All baby boomers to be tested in HCV-screening shakeup
MedWire News: The US Centers for Disease Control and Prevention (CDC) has revised its screening recommendations for hepatitis C virus (HCV) to include testing of all adults born between 1945 and 1965.
The changes come 14 years after the CDC introduced the recommendation for screening in at-risk individuals. However, they acknowledge that this approach has been largely unsuccessful and a substantial proportion of infected individuals in the USA remain unaware of their status.
People born between 1945 and 1965 in the USA have a rate of HCV five times greater than adults born in other years. The authors say diagnosis is needed so that patients can receive treatment with antiviral agents.
"Although certain harms (that is, worry or anxiety while waiting for test results, insurability, liver biopsy complications, and severe adverse events during treatment) can be detrimental to patients, the benefits associated with diagnosis and effective treatment include SVR [sustained virologic response], which is associated with reduction in HCC [hepatocellular carcinoma] and all-cause mortality," say Bryce Smith (CDC, Atlanta, Georgia, USA) and colleagues.
Using data from three nationally representative studies and the National Health and Nutrition Examination Survey (NHANES), the authors found that the proportion of persons born between 1945 and 1965 with HCV antibody was higher than that of the general population. In NHANES, the prevalence was 3.25% in this birth cohort compared with 0.8% among adults born at other times.
Furthermore, their meta-analysis of 30 observational studies found that treatment-induced SVR could significantly reduce the risk of HCC by 76%.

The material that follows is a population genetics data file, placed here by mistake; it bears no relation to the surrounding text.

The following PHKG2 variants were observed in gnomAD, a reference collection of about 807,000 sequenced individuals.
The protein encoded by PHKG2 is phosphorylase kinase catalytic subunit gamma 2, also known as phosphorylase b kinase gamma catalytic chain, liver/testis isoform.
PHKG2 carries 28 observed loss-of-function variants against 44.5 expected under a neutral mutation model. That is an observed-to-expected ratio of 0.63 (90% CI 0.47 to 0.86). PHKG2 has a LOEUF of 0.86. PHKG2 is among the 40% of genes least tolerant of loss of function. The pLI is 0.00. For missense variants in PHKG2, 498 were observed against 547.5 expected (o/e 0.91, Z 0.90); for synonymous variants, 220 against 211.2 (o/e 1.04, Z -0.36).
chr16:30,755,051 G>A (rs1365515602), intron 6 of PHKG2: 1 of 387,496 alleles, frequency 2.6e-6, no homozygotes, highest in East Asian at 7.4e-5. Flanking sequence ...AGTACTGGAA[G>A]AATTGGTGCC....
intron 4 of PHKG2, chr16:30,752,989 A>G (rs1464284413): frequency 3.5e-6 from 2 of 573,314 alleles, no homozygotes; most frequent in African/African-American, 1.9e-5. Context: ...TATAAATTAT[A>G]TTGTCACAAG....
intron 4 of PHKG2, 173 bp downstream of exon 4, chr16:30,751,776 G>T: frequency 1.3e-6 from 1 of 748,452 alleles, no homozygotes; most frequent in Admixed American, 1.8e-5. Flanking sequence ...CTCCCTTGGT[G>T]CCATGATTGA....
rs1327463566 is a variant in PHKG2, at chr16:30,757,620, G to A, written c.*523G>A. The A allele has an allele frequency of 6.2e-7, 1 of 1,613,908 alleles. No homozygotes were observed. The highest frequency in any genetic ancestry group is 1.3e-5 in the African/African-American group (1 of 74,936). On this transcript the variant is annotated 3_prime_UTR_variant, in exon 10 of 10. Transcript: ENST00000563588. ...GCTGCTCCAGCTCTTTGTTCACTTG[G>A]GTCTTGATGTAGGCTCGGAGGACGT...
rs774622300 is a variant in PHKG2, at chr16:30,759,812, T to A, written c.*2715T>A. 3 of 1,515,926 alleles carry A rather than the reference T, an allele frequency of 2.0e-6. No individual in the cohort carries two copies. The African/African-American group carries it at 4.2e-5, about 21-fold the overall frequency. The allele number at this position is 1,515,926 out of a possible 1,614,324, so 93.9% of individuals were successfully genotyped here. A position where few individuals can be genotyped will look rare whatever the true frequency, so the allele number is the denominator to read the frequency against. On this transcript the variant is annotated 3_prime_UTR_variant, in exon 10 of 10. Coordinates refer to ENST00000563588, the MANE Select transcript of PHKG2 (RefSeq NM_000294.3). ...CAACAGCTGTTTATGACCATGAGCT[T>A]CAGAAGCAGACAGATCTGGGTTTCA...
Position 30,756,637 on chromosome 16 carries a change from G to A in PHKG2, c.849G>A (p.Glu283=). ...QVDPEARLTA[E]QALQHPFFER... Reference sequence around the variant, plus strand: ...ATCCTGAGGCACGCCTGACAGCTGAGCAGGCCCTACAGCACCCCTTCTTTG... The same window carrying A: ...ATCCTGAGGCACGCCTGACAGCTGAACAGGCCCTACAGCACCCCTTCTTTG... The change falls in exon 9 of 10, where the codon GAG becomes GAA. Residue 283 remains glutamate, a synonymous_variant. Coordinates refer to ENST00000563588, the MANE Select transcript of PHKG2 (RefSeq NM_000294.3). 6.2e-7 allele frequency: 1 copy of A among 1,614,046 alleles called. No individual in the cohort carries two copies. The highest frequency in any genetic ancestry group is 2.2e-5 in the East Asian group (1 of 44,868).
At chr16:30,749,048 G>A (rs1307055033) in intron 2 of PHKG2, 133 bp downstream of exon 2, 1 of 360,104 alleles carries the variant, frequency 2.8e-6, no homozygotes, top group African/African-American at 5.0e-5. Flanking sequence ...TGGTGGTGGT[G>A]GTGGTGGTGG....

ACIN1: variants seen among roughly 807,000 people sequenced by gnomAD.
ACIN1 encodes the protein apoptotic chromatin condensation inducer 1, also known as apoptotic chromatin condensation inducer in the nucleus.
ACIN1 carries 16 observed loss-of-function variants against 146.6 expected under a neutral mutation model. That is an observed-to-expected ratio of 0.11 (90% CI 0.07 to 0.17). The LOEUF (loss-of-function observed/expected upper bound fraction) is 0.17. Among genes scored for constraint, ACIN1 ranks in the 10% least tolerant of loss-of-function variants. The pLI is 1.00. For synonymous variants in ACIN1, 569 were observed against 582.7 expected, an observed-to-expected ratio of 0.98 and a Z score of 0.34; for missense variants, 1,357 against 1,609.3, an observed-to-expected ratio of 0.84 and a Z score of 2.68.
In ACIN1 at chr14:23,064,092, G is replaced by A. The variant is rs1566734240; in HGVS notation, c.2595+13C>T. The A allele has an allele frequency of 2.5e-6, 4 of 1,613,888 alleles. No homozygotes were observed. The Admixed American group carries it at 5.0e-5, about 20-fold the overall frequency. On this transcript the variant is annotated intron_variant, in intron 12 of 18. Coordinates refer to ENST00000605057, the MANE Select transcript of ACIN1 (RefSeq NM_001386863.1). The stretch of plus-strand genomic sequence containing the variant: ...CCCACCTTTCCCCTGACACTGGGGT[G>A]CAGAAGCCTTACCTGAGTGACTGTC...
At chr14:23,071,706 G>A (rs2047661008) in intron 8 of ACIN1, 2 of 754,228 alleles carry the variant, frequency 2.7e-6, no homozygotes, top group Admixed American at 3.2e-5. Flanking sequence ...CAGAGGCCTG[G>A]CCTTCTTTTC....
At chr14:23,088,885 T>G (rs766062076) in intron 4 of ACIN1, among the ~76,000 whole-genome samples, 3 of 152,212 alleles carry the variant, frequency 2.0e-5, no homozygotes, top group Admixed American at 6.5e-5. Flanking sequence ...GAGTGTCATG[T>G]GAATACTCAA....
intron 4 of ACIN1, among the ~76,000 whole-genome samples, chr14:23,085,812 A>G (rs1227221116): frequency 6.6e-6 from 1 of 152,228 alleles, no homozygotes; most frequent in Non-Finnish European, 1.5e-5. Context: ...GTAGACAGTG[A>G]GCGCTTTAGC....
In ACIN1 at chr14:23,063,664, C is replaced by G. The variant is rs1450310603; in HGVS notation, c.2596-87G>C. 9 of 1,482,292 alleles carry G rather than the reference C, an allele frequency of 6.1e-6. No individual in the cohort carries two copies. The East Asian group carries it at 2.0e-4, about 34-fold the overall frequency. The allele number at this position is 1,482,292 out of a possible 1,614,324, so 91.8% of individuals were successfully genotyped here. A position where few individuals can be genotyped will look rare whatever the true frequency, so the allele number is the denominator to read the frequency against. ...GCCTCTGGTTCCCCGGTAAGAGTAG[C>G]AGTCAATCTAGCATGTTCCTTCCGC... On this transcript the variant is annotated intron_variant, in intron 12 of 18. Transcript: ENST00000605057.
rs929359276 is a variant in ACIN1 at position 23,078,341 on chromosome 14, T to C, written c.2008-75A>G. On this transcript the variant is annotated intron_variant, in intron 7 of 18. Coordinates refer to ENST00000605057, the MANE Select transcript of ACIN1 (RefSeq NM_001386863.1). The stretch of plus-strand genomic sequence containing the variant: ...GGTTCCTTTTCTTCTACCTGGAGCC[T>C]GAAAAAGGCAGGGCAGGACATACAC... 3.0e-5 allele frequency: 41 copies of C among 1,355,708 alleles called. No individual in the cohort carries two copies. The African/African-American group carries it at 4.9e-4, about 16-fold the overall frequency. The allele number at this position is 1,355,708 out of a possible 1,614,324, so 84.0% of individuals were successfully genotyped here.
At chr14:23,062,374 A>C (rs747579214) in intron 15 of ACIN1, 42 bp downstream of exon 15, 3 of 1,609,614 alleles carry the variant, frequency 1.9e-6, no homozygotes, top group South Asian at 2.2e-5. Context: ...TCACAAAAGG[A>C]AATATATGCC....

The CDC also recommends alcohol screening and intervention in HCV-positive individuals to help decelerate liver disease progression. This is based on a 2010 meta-analysis that showed that a brief alcohol reduction intervention could reduce consumption by 38 g per week compared with a control group.
The recommendations, published in the Annals of Internal Medicine, are a major change to the CDC screening guidelines, which until now have only recommended testing those with known risk factors. For example, individuals who have injected illicit drugs, those who received blood transfusions before 1992, and patients with HIV infection. However, the authors note several flaws with this approach and say that up to 85% of those infected with HCV in the USA could still be unaware of it.
The CDC says that doctors should still follow their prior recommendations. However, their new guidelines should help overcome reliance on the often impractical risk-based screening in primary care and increase the number of individuals in the USA who are aware of their HCV-positive status.
By Kirsty Oswald, MedWire News Reporter